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Author Topic: A question about evidence standards and email correspondence  (Read 8230 times)
jpw234
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« on: August 21, 2013, 09:29:56 AM »

Hi, I'd like to submit a question about the usability of evidence obtained in email correspondence, in part to placate my coach but also to get some guidance.
I came across an abstract for an article posted on a scholarly website which seemed to directly address the portion of the topic I was researching. However I found no link to the full text of the article, not just on that website but on the web or in any library catalogs. Eventually I emailed the given author of the article requesting the full text and promptly received it, which was great. It did in fact have several outstanding cards that I very much would like to be reading in upcoming tournaments.
However I ran into trouble creating my citation, as I couldn't find the paper online. I emailed back asking if the paper had been published, and if not, would the author be okay with me releasing it on a public forum. He replied: "Yes, please go ahead and feel free to post it in the debate forum" but noted that it was "still being updated for future review by law reviews for publications".
My current plan is to post this paper a few days before our first tournament, in my citation link that post, and read this evidence, with the plan of recutting the article as soon as it is posted in case any substantial changes have been made. While the author is quite qualified and I will express that in round, I wouldn't claim that it had been peer reviewed and would be transparent about any questions involving the method of obtaining the evidence. I didn't ask any leading questions to affect the evidence nor am I using my correspondence as evidence, just the paper that the professor had already written. Does this seem legitimate? Does anybody have any opinions for how I should release this evidence or whether I should use it in a debate round?
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JonZ
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« Reply #1 on: August 21, 2013, 09:38:24 AM »

I don't see a reason to post the evidence before you break it in-round. After that, yes you should make sure the full text is easily available, but why put it up a couple days early? Have a copy on your flash drive/dropbox/as hard copy if the other team wants to review the whole article during the round. And yes do keep up with any updates if/when they come out.

As for whether or not lack of peer review matters, let that be an argument the other team makes. If it comes up in-round, debate it. Lack of peer review is not going to be grounds for a serious ethical challenge. At most it'll be an evidence indict, and probably not a very good one.
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jpw234
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« Reply #2 on: August 21, 2013, 10:27:44 AM »

As far as posting before the round, my (and my coach's) concern is that we currently have what is basically privileged access to the paper. It's not easily available to people we may be debating and this could be considered an unfair advantage (i.e. it would be impossible through normal research for them to come across this card). If you don't think that's a concern, perhaps I will withhold it until after we break it.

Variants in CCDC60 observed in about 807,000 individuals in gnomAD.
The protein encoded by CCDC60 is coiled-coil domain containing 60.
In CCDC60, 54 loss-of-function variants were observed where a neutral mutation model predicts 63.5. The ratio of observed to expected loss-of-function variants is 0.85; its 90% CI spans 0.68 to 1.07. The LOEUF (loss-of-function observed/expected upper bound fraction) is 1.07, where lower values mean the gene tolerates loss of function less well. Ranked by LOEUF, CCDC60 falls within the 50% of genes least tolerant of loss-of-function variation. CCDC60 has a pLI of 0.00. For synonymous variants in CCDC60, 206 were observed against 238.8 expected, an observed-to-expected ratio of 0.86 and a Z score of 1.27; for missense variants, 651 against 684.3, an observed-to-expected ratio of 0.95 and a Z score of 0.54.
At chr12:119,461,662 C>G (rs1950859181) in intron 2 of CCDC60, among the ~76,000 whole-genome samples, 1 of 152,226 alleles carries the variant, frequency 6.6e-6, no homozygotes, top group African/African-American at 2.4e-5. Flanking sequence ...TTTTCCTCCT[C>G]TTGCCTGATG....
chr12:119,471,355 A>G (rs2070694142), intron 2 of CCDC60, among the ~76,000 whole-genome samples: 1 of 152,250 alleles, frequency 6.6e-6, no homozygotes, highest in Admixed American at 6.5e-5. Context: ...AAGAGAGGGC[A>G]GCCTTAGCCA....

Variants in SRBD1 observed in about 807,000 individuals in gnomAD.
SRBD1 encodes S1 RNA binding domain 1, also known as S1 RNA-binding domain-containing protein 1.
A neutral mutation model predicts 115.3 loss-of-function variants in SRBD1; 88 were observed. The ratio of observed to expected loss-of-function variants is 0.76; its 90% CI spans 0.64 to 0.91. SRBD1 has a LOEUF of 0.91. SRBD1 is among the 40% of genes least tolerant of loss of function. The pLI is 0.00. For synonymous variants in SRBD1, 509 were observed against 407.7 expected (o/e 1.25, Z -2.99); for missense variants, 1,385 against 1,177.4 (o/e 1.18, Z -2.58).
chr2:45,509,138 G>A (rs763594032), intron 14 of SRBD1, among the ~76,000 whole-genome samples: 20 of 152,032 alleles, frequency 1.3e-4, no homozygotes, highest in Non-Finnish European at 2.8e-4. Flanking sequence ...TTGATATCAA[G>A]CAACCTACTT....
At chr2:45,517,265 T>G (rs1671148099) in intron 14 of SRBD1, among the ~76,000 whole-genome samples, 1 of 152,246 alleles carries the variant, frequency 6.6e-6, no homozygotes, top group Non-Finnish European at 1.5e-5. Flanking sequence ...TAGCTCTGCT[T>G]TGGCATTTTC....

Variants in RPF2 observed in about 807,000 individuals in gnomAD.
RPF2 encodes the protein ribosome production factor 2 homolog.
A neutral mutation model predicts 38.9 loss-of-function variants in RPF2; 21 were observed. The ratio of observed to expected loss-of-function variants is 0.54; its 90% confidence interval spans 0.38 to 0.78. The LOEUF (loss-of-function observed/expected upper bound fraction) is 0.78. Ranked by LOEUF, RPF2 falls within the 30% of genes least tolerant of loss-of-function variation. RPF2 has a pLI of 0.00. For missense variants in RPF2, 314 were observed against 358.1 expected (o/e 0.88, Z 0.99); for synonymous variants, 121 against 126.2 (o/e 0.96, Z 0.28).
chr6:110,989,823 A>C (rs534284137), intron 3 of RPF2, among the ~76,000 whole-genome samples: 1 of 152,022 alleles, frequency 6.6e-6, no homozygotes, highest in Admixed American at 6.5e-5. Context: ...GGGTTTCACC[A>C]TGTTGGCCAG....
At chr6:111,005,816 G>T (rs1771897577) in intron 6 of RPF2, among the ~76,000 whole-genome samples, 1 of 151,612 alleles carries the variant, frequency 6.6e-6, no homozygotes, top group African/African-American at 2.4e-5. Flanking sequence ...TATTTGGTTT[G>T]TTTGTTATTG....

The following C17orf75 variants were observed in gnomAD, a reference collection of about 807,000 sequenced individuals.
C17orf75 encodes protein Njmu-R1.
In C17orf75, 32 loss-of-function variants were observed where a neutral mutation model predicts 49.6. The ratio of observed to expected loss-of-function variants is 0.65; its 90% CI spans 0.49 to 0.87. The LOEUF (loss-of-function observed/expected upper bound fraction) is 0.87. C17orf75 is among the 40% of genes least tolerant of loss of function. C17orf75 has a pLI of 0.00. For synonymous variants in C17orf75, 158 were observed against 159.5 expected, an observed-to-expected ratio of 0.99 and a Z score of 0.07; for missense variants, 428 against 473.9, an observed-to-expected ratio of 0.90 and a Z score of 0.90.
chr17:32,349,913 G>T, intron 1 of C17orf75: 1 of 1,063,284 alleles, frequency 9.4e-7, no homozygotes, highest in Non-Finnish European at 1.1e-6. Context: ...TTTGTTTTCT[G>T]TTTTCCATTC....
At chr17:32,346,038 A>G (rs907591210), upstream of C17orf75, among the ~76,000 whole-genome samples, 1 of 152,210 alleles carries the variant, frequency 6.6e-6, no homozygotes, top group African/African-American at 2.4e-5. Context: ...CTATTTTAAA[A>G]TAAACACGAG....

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kearney
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« Reply #3 on: August 21, 2013, 01:15:11 PM »

Just throwing this out there b/c my opinion on this has recently emerged, and I haven't had many chances to air it out:

I think there are two reasons for "email evidence:" 1) to advance the search for truth, and 2) to advance debate strategy. More often than not, debaters disregard the "search for truth" b/c they care about winning and judges have developed a form of "debate calculus" that privileges unrealistic impacts. If you agree with this assumption, then, I think, debaters should either avoid 'email ev.' altogether or make that evidence public (and very accessible) as soon as possible.

I realize that debaters can benefit from corresponding with authors, but some problems arise here as well. Debaters often direct authors toward favorable answers. They NEVER post responses that undermine their arguments. And, there's an opportunity cost insofar as debaters might also benefit from digging deeper into research (reading more articles, thinking outside the box, etc.).

The DA to the private or quasi-public/late-breaking blog post seems more persuasive to me. Well-researched debaters might focus their strategies on weak points in the lit, while other teams can capitalize by "breaking new" with their email ev. I know that every squad doesn't have access to every journal or book, but there's still a chance that debaters can contact friends at other universities that carry those sources. It just seems...not ideal...to rely on email ev. and/or its lack of publicity.

I'm eager to see what other people think.
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JonZ
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« Reply #4 on: August 21, 2013, 02:08:26 PM »

But this isn't "email evidence" in the sense that s/he had a private correspondence which is being used as evidence. It's a paper that will soon be publicly available which s/he received an advance copy of. It strikes me as being no different from any other legitimate piece of evidence - jpw234 just went ahead and took the initiative to see it before everyone else. There's nothing stopping others from doing the same (which is not the case with email evidence).